Coping Skills, Lester
1100 Chestnut Street
Philadelphia, PA, 19107
Doors 7:00 PM / Show 8:00 PM
This event is 21 and over
Partner is funny, but not a joke. Gay but not for each other, as their Instagram tagline reads.
Partner is the "mature" effort of two best friends named Josée Caron and Lucy Niles from small town East Coast Canada. Borne of their bizarre and fortuitous friendship, Partner confidently harnesses the infinite power of Rock to explore a variety of niche yet strangely universal themes. Self described as post-classic-rock. Live they are a 5-piece and they shred.
Influenced by acts as varied as Melissa Etheridge, Ween, kd lang, and Prince, Partner delivers a refreshing and vital twist on a classic, prompting you to re-think what you thought was possible in Rock.
Their enthusiastic and action-packed live set has led them to be named the "best new band in Canada" in the Globe and Mail. Their debut album (In Search of Lost Time 2017) made NPR's All Songs Considered, Stereogum, Noisey, Exclaim, CBC Music, Playboy and many more best of 2017 lists.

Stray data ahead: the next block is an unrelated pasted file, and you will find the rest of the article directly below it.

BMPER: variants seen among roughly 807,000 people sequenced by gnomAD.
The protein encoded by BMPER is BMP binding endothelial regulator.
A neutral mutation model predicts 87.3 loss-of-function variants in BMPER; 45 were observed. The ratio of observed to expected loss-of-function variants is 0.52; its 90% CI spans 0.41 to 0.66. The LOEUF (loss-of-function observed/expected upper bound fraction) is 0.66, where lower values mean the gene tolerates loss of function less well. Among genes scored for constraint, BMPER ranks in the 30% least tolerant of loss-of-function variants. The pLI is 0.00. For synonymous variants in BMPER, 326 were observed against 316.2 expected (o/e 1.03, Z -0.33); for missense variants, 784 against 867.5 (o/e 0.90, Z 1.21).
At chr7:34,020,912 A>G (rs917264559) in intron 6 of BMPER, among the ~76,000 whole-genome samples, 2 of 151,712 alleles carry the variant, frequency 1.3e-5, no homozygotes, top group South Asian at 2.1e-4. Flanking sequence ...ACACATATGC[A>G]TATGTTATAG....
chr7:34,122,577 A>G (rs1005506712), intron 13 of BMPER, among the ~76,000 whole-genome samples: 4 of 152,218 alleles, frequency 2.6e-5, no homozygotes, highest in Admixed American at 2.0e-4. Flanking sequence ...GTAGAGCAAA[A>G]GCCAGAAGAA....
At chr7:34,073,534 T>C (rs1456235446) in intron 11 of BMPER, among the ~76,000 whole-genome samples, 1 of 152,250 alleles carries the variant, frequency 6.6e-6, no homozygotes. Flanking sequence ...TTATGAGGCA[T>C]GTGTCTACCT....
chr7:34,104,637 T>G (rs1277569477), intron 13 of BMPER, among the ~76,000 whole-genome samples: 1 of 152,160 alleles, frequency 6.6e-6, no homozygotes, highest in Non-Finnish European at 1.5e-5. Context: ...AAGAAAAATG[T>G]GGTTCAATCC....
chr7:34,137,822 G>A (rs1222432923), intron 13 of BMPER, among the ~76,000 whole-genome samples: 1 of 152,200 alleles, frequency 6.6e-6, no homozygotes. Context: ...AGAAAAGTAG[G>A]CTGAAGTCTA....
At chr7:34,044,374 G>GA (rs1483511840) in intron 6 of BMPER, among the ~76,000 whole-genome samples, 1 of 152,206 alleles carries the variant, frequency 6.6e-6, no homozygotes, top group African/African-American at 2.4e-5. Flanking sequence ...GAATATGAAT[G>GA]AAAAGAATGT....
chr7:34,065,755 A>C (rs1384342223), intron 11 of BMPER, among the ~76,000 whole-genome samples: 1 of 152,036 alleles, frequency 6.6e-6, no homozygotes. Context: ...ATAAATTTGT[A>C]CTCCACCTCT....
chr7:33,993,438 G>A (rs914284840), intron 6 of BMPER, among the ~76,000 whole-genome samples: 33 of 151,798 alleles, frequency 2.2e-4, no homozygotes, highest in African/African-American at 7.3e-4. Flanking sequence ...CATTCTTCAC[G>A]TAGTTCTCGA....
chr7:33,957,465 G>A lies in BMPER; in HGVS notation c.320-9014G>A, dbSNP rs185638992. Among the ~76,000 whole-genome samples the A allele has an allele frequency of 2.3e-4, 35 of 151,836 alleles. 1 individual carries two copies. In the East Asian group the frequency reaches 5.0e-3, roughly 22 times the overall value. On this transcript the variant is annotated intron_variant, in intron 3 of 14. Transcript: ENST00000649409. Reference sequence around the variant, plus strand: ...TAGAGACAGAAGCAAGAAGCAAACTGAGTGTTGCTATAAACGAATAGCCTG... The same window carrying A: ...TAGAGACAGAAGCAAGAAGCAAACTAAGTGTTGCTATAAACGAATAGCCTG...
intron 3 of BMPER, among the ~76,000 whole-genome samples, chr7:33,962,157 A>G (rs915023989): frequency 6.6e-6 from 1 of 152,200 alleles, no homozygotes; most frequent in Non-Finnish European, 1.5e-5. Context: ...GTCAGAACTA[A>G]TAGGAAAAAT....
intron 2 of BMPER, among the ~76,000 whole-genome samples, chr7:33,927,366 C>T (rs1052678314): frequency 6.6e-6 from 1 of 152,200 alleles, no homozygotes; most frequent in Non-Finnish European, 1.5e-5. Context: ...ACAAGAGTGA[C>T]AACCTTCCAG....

Partner is genre-defying and terrifying: part musical act, part teenage diary, and 100% queer.
Coping Skills is a band of two people who live in Philadelphia, the place where bands are from now. Lauren DeLucca and Rachel Dispenza met by chance when they ended up moving into the same house after they both enrolled in college for the second time. They started working the same jobs, dreading the same bosses, and decided to learn how to play instruments so they could start a band. This is that band. They graduated, and as of this writing, their combined student loan debt is exactly $288,136.69. Which is a lot of money. They wrote a song about this. Please pay them.
Their songs are just songs. You’ve heard songs? They sound like those. The best parts of this band come from a dynamic Rachel describes as an unstoppable-force-immovable-object-collision sorta situation, where theirs and Lauren’s gut impulses come in conflict, and they end up writing records full of pop songs about bagels and the way that life can suck. They self-identify as “moderately gay post-ironic bummer pop,” which gives you a good idea of what you’re in for.